NEW YORK — FreshDirect here has recently become the first online grocer in the U.S. to offer certified-sustainable fish.
The fish is certified sustainable by the Marine Stewardship Council, an independent, global, nonprofit organization that has worked for two years to develop its Principles and Criteria for Sustainable Fishing, which outline environmental and production standards for sustainable, well-managed fisheries. Through the MSC, FreshDirect now carries certified-sustainable Alaskan coho salmon, Alaskan king salmon, Alaskan sockeye salmon, Pacific halibut and Pacific black cod.
“We felt a need to do this from our customers inquiring about sustainable fish — they have said that they don't want to eat something that has population issues, and, really, the best fit is the MSC [program],” said Justin Hawryluk, seafood buyer for FreshDirect. “In my opinion, there isn't any other certifying body or authority on sustainable seafood. I think they're the most respectable name in sustainability.”
FreshDirect approached the MSC at the International Boston Seafood Show about a year ago, according to Phil Fitzpatrick, commercial director for North and South America, Marine Stewardship Council, Seattle.
“This came as a result of meeting with the senior management. They were already interested in the sustainability of all of their items, so our program fits well with their mission, and I think that they realize that consumers are becoming more and more aware that they need to be buying responsibly and from more sustainable resources,” Fitzpatrick said.
FreshDirect plans to add more certified-sustainable species in the future, but wants to see how the current five species work first, Hawryluk said.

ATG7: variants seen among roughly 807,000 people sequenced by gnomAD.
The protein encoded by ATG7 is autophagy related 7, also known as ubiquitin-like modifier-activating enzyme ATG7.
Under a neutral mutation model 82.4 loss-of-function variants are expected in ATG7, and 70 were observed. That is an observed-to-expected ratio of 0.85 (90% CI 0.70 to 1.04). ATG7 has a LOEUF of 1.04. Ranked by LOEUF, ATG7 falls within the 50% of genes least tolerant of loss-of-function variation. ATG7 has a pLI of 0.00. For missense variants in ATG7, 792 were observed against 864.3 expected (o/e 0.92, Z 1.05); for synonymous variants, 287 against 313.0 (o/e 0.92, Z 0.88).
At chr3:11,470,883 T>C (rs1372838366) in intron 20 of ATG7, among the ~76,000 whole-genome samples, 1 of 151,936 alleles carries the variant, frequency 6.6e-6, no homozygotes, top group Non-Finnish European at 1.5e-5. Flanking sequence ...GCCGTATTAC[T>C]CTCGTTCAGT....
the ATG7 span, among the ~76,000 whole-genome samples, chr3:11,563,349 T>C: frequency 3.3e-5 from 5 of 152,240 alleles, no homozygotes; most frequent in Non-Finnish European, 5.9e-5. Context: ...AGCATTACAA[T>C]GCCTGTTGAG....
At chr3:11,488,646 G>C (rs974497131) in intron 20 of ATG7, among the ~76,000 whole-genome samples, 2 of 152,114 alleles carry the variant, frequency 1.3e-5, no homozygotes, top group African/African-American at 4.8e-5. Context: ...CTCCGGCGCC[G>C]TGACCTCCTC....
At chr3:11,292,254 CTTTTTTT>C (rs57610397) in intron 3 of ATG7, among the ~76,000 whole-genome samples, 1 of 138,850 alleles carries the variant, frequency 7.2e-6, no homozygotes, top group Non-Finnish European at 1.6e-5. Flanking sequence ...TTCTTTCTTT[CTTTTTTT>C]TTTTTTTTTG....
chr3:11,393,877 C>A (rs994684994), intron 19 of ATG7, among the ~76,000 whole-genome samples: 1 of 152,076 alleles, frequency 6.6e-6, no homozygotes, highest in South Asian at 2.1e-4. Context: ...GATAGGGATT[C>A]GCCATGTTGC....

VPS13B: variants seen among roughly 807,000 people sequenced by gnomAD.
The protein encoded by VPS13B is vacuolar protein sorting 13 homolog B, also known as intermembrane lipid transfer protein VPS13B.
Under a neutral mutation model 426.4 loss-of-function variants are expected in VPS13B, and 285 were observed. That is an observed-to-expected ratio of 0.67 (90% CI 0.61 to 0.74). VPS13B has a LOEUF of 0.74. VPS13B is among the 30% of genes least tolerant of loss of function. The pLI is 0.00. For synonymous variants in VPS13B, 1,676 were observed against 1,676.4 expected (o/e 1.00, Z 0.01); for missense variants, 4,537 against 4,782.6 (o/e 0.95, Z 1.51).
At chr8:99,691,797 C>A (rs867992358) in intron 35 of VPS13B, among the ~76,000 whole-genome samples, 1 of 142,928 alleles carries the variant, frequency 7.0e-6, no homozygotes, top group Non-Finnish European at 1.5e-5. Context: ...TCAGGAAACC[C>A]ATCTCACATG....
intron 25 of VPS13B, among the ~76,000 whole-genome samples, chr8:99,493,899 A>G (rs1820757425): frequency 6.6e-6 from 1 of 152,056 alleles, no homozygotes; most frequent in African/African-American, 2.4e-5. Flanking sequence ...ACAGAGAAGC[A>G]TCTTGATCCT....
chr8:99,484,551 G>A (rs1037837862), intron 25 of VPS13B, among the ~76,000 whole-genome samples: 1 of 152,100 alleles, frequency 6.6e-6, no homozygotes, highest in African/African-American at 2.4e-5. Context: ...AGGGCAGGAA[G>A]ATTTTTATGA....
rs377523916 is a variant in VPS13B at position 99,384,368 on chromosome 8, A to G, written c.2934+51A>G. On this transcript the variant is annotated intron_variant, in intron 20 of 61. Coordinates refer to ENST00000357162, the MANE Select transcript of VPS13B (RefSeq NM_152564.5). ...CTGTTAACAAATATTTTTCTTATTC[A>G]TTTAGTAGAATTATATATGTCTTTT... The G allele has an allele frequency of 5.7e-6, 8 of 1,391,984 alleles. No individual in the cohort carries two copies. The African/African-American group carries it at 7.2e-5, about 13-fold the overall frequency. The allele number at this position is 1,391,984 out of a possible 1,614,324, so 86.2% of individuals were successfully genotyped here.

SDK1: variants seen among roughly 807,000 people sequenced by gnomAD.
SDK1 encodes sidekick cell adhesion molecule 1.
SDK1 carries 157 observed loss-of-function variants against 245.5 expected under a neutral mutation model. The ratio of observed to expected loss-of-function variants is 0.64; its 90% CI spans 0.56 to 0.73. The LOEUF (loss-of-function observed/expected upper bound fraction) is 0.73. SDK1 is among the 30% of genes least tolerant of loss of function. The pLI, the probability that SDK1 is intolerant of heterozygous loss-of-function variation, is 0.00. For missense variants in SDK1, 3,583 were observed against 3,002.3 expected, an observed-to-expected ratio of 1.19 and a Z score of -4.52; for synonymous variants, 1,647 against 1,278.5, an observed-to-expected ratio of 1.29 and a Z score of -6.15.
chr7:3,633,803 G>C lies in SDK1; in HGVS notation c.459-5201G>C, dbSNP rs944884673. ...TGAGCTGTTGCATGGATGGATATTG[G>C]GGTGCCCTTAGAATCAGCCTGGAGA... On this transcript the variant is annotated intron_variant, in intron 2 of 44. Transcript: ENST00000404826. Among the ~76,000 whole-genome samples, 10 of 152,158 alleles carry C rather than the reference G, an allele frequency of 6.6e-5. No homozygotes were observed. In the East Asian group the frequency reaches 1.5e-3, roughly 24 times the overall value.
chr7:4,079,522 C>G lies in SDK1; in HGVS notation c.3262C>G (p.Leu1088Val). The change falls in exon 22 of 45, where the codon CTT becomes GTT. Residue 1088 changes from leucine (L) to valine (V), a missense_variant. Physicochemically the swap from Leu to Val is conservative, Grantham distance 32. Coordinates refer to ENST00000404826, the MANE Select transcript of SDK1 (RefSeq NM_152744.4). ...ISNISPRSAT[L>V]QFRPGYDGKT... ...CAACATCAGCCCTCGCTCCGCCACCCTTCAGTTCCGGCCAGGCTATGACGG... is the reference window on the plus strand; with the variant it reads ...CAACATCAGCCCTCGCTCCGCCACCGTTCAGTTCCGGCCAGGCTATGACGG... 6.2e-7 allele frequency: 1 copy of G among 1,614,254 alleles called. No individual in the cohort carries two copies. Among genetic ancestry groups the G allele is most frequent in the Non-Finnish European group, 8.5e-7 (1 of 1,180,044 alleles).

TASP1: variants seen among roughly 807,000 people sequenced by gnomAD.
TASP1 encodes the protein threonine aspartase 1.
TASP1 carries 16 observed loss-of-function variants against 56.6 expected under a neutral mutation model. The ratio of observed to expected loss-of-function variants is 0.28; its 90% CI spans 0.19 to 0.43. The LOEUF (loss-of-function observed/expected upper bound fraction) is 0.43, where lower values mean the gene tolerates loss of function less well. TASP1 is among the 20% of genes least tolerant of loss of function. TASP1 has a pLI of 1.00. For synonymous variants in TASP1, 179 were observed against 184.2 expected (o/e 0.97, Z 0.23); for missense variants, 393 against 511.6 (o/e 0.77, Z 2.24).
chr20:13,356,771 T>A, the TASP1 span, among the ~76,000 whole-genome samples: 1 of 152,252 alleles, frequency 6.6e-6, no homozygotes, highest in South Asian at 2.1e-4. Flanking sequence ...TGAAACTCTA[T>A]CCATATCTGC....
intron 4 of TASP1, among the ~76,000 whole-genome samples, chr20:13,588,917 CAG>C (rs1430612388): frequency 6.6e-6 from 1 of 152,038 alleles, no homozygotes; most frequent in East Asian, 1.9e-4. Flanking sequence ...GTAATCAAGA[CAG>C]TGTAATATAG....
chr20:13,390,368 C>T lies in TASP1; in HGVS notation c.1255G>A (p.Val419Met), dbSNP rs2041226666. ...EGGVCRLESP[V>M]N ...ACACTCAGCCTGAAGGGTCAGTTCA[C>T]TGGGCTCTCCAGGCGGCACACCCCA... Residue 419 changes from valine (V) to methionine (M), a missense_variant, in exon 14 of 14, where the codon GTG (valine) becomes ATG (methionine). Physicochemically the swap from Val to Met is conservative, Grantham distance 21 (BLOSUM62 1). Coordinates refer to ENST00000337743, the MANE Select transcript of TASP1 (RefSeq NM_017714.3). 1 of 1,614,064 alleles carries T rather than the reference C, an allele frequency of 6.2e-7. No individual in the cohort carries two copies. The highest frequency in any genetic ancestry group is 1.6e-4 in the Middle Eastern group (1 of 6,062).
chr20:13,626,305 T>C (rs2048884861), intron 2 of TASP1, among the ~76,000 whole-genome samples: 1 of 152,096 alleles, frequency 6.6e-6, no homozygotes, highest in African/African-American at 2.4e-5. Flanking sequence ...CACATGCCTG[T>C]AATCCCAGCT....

“I think that comes down to what the customer wants,” he said, when asked if FreshDirect had plans to carry only sustainable fish. “The reason why we sell anything is demand, and then we supply it. So if customers find that they only want sustainable seafood, then that's going to be the direction that the industry is pushed toward.”
Currently, FreshDirect carries both sustainable and non-sustainable fish.
To earn MSC certification, FreshDirect had to achieve “Chain of Custody,” which starts with making sure its fisheries meet criteria verified by science-based, independent, third-party auditors. “We had to get our whole processing room certified and all of our processes in place to ensure an unbroken chain of custody so there is low risk of giving customers the wrong product,” Hawryluk said.
Achieving “Chain of Custody” indicates FreshDirect's business practices guarantee sustainable seafood authenticity, from certified-sustainable fisheries, certified boats, certified vendors and a certified processing room.
“A lot of consumers want to be assured that what they're buying is what it says it is and that it comes from a certifiable source,” Fitzpatrick said. “That's quite a big concern out there right now with consumers, and particularly with buyers, because they don't want to be caught up in buying illegal or unregulated or unreported items.”
Although the fish do not yet carry the MSC-certified eco-label, consumers can expect to start seeing this label on certified-sustainable fish purchases in about a month, Fitzpatrick told SN.
“The company as a whole right now wants to make socially responsible decisions,” Hawryluk said.